Gold rose overnight as scaling concerns over a coronavirus outbreak in China and its impact on global economy soured sentiments for riskier assets, propping up demand for the safe-haven asset.
Spot gold was up 0.4 per cent at $US1,564.13 per ounce. US gold futures settled up 0.6 per cent at $US1,565.40 per ounce.
“Coronavirus has led people to gold because there is an anticipation of a lot of potential turmoil in the economies that are affected,” said Jeffrey Sica, founder of Circle Squared Alternative Investments.
“It is adding a level of uncertainty to the overall market that is forcing people to consider more of safe haven in the event that this does becomes a greater epidemic.”
The Chinese government put millions of people in two cities in lockdown as the death toll reached 18, and 634 people were infected.
Coronavirus fears led to the biggest tumble in Chinese stocks in more than eight months, which in turn weighed on global equity markets.
Further benefiting bullion’s appeal, US yields tumbled to multi-week lows.
Lower bond yields reduce the opportunity cost of holding non-interest bearing gold.
“Equities are slightly softer so that is stoking some interest in the metal,” said Bob Haberkorn, senior market strategist at RJO Futures.
“But absence of any geopolitical risk in the short term is keeping gold prices in check. The European Central Bank meeting did not move the needle too much.”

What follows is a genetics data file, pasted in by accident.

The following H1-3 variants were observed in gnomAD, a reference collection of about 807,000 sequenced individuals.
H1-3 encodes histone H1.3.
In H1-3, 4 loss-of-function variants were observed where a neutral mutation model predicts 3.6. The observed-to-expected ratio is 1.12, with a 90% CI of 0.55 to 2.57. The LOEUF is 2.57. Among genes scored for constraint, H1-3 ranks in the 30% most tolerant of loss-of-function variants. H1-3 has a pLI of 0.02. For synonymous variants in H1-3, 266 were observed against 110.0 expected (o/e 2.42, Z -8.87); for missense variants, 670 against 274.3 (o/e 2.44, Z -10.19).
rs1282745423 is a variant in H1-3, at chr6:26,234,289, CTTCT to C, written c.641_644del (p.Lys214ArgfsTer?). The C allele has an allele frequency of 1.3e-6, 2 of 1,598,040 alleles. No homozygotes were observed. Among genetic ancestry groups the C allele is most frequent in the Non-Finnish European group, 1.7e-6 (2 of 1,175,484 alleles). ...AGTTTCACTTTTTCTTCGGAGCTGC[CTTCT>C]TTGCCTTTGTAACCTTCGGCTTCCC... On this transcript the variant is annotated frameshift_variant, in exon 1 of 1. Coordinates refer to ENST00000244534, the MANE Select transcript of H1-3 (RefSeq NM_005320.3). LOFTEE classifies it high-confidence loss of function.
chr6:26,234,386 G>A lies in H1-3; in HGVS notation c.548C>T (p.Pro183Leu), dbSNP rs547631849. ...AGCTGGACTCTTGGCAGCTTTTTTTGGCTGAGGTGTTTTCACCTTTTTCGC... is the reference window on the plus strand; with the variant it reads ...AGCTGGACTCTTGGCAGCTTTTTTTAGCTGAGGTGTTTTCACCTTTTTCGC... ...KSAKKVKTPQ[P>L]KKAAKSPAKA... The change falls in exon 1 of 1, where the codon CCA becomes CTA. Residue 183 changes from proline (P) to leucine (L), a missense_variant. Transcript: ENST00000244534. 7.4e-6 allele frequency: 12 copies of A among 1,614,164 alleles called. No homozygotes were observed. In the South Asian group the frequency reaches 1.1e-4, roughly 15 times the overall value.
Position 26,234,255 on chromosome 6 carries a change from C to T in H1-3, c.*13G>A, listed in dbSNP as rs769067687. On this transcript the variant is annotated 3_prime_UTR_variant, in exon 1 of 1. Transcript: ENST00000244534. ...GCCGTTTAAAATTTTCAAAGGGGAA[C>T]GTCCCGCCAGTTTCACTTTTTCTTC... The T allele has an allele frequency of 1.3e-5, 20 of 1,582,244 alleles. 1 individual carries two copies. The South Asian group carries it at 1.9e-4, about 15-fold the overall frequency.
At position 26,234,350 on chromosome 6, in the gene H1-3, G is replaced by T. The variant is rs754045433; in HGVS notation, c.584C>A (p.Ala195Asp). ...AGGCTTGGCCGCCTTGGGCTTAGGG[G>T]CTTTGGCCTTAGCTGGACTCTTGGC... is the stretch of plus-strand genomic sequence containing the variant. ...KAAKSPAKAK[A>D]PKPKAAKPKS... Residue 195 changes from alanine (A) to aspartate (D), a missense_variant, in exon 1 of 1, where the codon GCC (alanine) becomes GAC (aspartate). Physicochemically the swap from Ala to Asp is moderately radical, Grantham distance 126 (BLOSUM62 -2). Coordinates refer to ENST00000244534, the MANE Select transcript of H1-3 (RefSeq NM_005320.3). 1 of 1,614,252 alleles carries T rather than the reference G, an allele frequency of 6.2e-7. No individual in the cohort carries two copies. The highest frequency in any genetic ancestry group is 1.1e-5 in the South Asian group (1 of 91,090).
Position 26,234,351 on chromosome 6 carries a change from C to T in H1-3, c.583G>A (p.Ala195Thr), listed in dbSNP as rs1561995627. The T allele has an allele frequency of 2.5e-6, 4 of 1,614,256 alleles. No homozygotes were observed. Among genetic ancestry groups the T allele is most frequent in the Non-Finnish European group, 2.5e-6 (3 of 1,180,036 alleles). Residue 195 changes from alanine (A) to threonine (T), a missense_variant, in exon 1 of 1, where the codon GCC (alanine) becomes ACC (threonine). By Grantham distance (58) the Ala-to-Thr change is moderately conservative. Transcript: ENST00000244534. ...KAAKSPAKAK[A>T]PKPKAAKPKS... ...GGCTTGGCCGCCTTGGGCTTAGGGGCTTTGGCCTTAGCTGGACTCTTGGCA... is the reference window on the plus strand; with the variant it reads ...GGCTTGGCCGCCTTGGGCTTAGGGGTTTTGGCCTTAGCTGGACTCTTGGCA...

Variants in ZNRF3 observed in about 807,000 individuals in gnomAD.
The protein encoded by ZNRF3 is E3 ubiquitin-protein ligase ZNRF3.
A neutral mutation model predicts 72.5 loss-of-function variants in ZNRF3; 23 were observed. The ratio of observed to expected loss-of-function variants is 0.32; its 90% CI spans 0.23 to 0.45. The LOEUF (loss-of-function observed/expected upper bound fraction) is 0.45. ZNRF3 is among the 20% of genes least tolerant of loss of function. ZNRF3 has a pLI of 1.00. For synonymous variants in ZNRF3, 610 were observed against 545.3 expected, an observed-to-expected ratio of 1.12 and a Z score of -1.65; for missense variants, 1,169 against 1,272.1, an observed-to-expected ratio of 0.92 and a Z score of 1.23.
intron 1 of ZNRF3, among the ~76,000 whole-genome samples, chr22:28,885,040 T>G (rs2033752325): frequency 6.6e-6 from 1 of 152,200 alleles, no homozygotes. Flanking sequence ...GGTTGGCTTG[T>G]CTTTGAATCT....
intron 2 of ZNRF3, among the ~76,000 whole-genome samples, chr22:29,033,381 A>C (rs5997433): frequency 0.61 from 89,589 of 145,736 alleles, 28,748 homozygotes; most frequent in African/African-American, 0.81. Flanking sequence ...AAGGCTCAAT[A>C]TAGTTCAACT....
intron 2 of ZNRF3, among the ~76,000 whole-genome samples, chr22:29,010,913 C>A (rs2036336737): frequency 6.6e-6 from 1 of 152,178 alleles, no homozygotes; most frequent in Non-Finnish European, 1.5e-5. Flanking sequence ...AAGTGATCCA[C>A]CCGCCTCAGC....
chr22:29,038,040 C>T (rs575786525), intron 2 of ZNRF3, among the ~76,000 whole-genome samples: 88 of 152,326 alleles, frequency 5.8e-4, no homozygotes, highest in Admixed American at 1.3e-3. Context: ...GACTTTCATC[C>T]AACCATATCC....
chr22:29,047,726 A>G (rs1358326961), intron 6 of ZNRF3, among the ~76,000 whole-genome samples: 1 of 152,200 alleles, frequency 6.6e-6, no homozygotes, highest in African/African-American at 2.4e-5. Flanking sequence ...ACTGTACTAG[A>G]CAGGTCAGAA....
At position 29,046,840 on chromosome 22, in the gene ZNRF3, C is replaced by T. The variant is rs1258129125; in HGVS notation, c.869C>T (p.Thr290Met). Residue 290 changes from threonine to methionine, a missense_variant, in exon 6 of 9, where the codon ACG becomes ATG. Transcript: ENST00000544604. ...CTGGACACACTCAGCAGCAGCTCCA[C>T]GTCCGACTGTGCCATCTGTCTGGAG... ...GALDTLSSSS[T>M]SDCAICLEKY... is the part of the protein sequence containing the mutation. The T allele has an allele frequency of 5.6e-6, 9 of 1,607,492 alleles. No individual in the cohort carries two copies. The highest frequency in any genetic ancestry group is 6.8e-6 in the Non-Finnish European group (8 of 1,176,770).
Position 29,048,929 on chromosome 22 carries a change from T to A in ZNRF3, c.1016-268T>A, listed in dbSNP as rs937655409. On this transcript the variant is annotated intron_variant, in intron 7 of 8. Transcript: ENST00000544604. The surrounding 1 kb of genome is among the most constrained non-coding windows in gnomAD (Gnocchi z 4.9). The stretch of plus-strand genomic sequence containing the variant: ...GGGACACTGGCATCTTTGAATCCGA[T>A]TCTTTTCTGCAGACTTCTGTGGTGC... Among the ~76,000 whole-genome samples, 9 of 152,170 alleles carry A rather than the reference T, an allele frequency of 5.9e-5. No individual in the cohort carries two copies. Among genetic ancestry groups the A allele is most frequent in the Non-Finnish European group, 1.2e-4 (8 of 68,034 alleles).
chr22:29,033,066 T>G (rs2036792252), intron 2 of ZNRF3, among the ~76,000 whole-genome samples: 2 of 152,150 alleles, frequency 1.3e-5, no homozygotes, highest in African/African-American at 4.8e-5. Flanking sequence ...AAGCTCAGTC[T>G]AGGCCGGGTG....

The European Central Bank kept interest rates unchanged at its latest policy meeting and launched a “strategic review” of its inflation goal and tools.
Gold, considered a safe store of value in times of political and economic uncertainty, climbed to a near seven-year peak of $US1,610.90 on Jan. 8 after an escalation in US-Iran tensions. It has held above $US1,550 for the most part ever since.
Focus will now shift to the US Federal Reserve’s first meeting of the year scheduled for January 28-29.
Spot gold is biased to revisit its January 21 low of $US1,545.96, looking shaky around a resistance at $US1,564, said Reuters technical analyst Wang Tao.
Among other precious metals, palladium fell 0.6 per cent to $US2,457.51 per ounce, silver eased 0.1 per cent to $US17.80 and platinum dipped 0.7 per cent to $US1,004.83.